Atom interferometry, however, hinges on quantum mechanics, the theory that describes how matter behaves at sub-microscopic scales. Just as waves of light can act like photons - particles - atoms can be cajoled into acting like waves if cooled to near absolute zero. At those frigid temperatures, which scientists achieve by firing a laser at the atom, its velocity slows to nearly zero. By firing another series of laser pulses at laser-cooled atoms, scientists put them into what they call a "superposition of states."
The atoms have different momenta permitting them to separate spatially and be manipulated to fly along different trajectories. Eventually, they cross paths and recombine at the detector — just as in a conventional interferometer. "Atoms have a way of being in two places at once, making it analogous to light interferometry," said Stanford University professor Mark Kasevich.
The power of atom interferometry is its precision. If the path an atom takes varies by even a picometer, an atom interferometer would be able to detect the difference. Given its atomic-level precision, "gravitational-wave detection is arguably the most compelling scientific application for this technology in space," said physicist Babak Saif, who is leading the atom optics effort at NASA's Goddard Space Flight Center.
They have designed a powerful, narrowband fiber-optic laser system that it plans to test at one of the world's largest atom interferometers; a 33-foot drop tower in the basement of a Stanford University physics laboratory. Close scientifically to what the team would need to detect theoretical gravitational waves, the technology would be used as the foundation for any atom-based instrument created to fly in space, Saif said.
During the test, the team will insert a cloud of neutral rubidium atoms inside the 33-foot tower. As gravity asserts a pull on the cloud and the atoms begin to fall, the team will use its new laser system to fire pulses of light to cool them. Once in the wave-like state, the atoms will encounter another round of laser pulses that allow them to separate spatially. Their trajectories then can be manipulated so that their paths cross at the detector, creating the interference pattern.
Einstein predicted gravity waves in his general theory of relativity, but to date these ripples in the fabric of space-time have never been observed. Now a scientific research technique called Atomic Interferometry is trying to re-write the canon. In conjunction with researchers at Stanford University, scientists at NASA Goddard are developing a system to measure the faint gravitational vibrations generated by movement of massive objects in the universe. The scientific payoff could be important, helping better clarify key issues in our understanding of cosmology. But application payoff could be substantial, too, with the potential to develop profound advances in fields like geolocation and timekeeping. In this video we examine how the system would work, and the scientific underpinnings of the research effort. Credit: NASA/Goddard Space Flight Center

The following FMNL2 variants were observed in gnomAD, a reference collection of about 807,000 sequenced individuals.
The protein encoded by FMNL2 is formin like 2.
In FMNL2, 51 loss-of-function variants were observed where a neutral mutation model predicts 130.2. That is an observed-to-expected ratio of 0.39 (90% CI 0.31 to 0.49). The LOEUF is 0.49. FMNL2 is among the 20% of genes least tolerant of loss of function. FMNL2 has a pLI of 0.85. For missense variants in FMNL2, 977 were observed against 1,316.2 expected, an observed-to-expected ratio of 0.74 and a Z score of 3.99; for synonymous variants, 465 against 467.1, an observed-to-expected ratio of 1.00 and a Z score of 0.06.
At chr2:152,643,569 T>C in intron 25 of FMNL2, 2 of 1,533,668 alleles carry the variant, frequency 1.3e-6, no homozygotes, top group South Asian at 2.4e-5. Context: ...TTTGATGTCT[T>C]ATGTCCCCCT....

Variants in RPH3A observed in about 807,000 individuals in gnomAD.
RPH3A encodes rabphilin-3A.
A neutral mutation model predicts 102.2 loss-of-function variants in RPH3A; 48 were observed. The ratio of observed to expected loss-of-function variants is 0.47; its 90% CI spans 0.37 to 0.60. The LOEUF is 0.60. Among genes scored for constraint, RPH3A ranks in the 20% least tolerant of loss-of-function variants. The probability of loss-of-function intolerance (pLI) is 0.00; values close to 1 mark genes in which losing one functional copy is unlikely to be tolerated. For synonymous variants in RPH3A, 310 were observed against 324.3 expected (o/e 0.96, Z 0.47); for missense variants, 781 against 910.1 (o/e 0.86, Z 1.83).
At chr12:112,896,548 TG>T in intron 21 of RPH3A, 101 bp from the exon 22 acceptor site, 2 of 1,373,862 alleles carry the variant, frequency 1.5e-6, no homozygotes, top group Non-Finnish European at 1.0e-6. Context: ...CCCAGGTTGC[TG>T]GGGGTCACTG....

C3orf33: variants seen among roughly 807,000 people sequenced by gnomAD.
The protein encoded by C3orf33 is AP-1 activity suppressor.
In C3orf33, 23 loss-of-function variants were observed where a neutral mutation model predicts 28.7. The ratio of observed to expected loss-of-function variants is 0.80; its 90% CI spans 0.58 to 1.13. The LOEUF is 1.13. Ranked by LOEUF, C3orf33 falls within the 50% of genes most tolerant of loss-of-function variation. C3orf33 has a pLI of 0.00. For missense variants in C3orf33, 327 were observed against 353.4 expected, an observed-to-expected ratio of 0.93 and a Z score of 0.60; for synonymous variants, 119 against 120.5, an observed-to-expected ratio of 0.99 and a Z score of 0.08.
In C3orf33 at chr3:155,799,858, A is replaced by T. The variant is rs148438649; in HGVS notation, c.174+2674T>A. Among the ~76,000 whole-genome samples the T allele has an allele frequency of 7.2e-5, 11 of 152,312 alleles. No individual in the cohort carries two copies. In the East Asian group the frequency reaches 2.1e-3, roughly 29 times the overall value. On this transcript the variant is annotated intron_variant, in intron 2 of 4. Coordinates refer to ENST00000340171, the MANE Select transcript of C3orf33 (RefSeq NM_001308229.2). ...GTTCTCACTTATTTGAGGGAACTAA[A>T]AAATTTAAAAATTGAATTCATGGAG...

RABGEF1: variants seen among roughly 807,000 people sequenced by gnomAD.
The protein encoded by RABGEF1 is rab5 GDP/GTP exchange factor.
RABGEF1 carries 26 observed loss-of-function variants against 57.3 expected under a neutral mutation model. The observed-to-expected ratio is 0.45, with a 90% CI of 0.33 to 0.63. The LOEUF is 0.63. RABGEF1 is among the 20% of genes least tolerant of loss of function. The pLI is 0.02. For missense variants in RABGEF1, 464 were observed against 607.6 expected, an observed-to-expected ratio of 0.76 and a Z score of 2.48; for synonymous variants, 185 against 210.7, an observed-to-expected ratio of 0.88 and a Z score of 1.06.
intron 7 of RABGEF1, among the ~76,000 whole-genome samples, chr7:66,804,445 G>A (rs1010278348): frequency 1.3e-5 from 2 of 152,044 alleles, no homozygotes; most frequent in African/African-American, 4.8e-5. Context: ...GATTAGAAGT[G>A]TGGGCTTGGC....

The team also is fine-tuning a gravitational-wave mission concept it has formulated. Similar to the Laser Interferometer Space Antenna (LISA), the concept calls for three identically equipped spacecraft placed in a triangle-shaped configuration. Unlike LISA, however, the spacecraft would come equipped with atom interferometers and they would orbit much closer to one another — between 500 and 5,000 kilometers apart, compared with LISA's five-million-kilometer separation. Should a gravitational wave roll past, the interferometers would be able to sense the miniscule movement.
"I believe this technology will eventually work in space," Kasevich said. "But it presents a really complicated systems challenge that goes beyond our expertise. We really want to fly in space, but how do you fit this technology onto a satellite? Having something work in space is different than the measurements we take on Earth."
The Goddard-designed breadboard laser system critical to advancing atom-optics instruments. The device will be tested in the Stanford University drop tower. Credit: NASA/Pat Izzo
That's where Goddard comes in, Saif said. "We have experience with everything except the atom part," he said, adding that AOSense already employs a team of more than 30 physicists and engineers focused on building compact, ruggedized atom-optics instruments. "We can do the systems design; we can do the laser. We're spacecraft people. What we shouldn't be doing is reinventing the atomic physics. That's our partners' forte."